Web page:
Why an OU Presidency Failed
By David DemingDavid Boren was a hard act to follow. But James Gallogly’s appointment as President of the University of Oklahoma was said to herald the beginning of a new era at OU. Gallogly was described as a “world-class transformative leader” who had a “bold and innovative vision for the university’s future.” Yet after less than a year in office, Gallogly abruptly walked away from the position. What went wrong?
What President Gallogly did, he did very well. Self-described as a financial expert, he slashed tens of million of dollars from the University budget. But Gallogly failed in other critical areas. He apparently lacked any understanding of the political nature of his job. He failed to express any vision for the University’s future, other than a desire to double research in five years. And President Gallogly never showed that he understood the importance of intellectual freedom and free speech to an academic community.
One of Gallogly’s first acts was to ask the Board of Regents to summarily revoke the emeritus appointment of professor John Scamehorn, a distinguished researcher and teacher who had been falsely accused of being a sexual predator by a social media lynch mob. What did Scamehorn do? According to a Facebook post by a young woman who worked for him as a production assistant on a film, the professor “told me that I should lose weight and dress differently, and even what color he wanted my hair to be.” In the wacky world of political correctness, suggesting to a woman that she might be more attractive if she dyed her hair amounts to sexual predation. Professor Scamehorn deserved to have a hearing, to confront and question witnesses against him, and to have the opportunity to defend himself. But Gallogly railroaded the esteemed professor without due process. Ironically, the same people who crucified Scamehorn would soon turn their attention to Gallogly.
The turning point in Gallogly’s presidency came when he failed to adequately deal with his first political crisis. Last January, the OU campus erupted in protests after a video showing two sorority women, one wearing blackface, was posted on Snapchat. At this point, some things needed to be said. First, the fact that one or two students out of 31,702 engaged in racist behavior is not proof that OU has problems of systemic racism. Just the opposite. There has been no institutional racism at OU since segregation ended in 1950. Second, you’re never going to completely eliminate racism as a matter of individual behavior, any more than you’re going to bring the crime rate down to zero. But Gallogly chose the path of appeasement, implicitly surrendering the moral high ground and emboldening his enemies. He was unwilling to root out all the political corruption and rot that pervades the OU campus.
At a January 22 meeting, professor Suzette Grillot profanely and brazenly demanded that President Gallogly resign. The crowd in the room spontaneously erupted in cheers, and Gallogly was publicly humiliated. A person with better political sensibilities never would have attended a rally of people who hate him. Gallogly apparently never understood the forces that were arrayed against him. The radical leftists who run the OU Norman campus hated him even before he assumed the office of the Presidency. They hated him because he was a wealthy white male, because he had worked in the petroleum industry, and because he was perceived to be a Republican. There was nothing that Gallogly could ever have done to make these people accept or like him.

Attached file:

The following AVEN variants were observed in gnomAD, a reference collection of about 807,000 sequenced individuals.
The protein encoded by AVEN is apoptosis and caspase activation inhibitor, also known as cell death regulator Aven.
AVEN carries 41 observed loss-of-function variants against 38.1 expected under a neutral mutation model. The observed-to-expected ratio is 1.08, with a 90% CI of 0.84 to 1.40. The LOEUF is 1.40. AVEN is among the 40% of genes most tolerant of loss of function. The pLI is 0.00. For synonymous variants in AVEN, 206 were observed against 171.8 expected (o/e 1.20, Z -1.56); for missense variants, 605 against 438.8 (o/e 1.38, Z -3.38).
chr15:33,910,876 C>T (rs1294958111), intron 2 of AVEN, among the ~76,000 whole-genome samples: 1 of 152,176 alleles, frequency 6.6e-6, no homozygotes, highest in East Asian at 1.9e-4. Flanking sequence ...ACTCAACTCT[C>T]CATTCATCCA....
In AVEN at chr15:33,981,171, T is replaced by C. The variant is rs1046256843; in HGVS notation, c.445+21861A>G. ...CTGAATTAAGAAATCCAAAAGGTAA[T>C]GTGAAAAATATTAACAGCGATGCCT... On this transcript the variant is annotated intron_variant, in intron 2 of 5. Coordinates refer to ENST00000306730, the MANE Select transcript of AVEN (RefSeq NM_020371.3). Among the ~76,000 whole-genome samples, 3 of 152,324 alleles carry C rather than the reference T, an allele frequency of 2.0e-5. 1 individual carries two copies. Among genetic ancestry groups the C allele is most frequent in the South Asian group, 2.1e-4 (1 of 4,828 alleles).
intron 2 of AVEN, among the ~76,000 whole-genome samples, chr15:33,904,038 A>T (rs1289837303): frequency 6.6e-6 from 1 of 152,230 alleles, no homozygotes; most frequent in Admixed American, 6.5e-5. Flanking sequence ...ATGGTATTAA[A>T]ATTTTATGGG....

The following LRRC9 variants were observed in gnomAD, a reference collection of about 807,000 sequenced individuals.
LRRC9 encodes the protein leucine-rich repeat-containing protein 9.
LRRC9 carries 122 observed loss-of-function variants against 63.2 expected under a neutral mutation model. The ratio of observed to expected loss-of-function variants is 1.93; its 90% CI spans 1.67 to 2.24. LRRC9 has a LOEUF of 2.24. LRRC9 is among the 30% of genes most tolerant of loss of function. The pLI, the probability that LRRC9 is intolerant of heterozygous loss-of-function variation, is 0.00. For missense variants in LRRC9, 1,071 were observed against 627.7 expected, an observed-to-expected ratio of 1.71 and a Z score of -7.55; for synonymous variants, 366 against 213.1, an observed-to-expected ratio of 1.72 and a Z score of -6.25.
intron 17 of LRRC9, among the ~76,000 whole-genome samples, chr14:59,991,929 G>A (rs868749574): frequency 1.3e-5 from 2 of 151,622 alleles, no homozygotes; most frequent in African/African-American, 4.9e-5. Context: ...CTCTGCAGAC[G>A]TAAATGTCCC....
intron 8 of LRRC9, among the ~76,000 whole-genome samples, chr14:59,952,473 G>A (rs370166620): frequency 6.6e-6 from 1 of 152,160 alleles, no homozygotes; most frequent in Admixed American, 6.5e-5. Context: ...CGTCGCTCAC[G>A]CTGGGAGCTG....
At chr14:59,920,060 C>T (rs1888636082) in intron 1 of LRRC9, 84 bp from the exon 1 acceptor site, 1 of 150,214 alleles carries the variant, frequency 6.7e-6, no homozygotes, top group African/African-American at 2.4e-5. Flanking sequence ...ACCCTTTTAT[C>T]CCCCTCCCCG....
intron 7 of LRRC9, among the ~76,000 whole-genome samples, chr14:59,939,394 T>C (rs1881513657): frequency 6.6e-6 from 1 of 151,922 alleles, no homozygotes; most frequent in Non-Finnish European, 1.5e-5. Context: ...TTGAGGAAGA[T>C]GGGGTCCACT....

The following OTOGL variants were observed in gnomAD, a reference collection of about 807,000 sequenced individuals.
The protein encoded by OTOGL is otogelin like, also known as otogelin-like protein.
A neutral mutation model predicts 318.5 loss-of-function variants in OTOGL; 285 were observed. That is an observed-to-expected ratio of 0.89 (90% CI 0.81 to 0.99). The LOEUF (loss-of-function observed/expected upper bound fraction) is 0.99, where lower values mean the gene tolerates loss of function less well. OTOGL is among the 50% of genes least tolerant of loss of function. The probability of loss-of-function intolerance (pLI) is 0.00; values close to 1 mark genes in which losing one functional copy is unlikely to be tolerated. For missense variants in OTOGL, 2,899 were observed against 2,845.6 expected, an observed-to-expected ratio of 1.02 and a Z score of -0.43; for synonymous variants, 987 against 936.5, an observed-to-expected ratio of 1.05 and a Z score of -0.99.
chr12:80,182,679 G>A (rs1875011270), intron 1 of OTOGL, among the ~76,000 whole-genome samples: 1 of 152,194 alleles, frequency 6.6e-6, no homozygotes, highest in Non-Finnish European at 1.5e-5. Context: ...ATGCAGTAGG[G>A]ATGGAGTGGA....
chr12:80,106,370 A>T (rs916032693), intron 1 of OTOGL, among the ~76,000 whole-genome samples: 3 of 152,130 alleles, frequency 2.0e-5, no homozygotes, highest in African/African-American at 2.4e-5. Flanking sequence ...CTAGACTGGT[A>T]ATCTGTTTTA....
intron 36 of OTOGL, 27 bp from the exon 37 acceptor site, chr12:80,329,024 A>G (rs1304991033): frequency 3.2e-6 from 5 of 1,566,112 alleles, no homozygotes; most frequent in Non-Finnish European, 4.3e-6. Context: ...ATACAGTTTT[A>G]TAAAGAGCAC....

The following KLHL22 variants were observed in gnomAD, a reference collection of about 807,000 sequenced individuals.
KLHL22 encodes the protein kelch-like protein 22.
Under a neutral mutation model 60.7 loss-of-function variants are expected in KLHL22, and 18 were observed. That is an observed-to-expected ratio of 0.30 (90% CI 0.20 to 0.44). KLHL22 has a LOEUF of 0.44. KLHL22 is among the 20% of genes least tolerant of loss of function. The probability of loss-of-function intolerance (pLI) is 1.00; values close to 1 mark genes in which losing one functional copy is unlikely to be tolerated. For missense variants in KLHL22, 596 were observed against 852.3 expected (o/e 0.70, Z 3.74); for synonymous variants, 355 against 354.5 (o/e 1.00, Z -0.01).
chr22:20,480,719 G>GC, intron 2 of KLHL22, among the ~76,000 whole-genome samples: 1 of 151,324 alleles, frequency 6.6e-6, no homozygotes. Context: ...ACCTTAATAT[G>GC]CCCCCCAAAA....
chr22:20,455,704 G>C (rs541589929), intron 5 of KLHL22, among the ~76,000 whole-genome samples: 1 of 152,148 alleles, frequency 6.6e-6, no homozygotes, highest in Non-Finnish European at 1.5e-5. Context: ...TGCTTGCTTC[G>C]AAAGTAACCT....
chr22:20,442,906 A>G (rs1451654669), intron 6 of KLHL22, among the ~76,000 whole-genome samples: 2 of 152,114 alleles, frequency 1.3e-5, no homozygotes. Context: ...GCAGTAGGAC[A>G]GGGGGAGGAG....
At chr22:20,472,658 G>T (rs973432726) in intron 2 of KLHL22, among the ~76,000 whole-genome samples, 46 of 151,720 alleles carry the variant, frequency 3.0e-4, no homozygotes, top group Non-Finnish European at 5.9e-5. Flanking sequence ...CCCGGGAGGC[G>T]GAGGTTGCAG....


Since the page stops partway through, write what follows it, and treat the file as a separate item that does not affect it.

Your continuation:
Earlier this year, I circulated an open letter where I made the claim that higher education in Oklahoma had been taken over by a small group of radical left-wing political extremists. A lot of people probably thought I was engaging in hyperbole. Now that they have witnessed the spectacle of President Gallogly being driven from office, perhaps they will begin to comprehend the reality of what is happening at OU.
Last May, the Regents appointed OU Law School Dean Joseph Harroz as interim President. Harroz was a protege of former OU President David Boren who came to OU with Boren in 1994. It seemed that the recent allegations of sexual misconduct surrounding Boren’s tenure at OU had left Harroz untainted. In an open letter of May 17, Harroz announced that one of his priorities as interim president was to “make diversity and inclusion a strength of OU.” Unfortunately, in the peculiar world of academia, “diversity and inclusion” means “uniformity and exclusion.” That is, ensuring absolute uniformity of leftist political beliefs and exclusion of all conservatives. Nevertheless, the editorial board at The Oklahoman promptly characterized Harroz’s appointment as a “good pick.”
It seems we have business as usual. The Oklahoma Legislature this year increased the funding for higher education by $28 million without requiring any reforms whatsoever. On the other hand, the additional monies allocated to higher education paled in comparison to the $157.7 million increase awarded to common education. If there was any bright spot this year, it was the passing and signing into law of SB 361, a “free speech” bill that reinforced First Amendment rights on Oklahoma college campuses. About the only thing that seems predictable is that a new academic year will bring new controversies and conflicts.
Dr. Deming is professor of arts and sciences at the University of Oklahoma.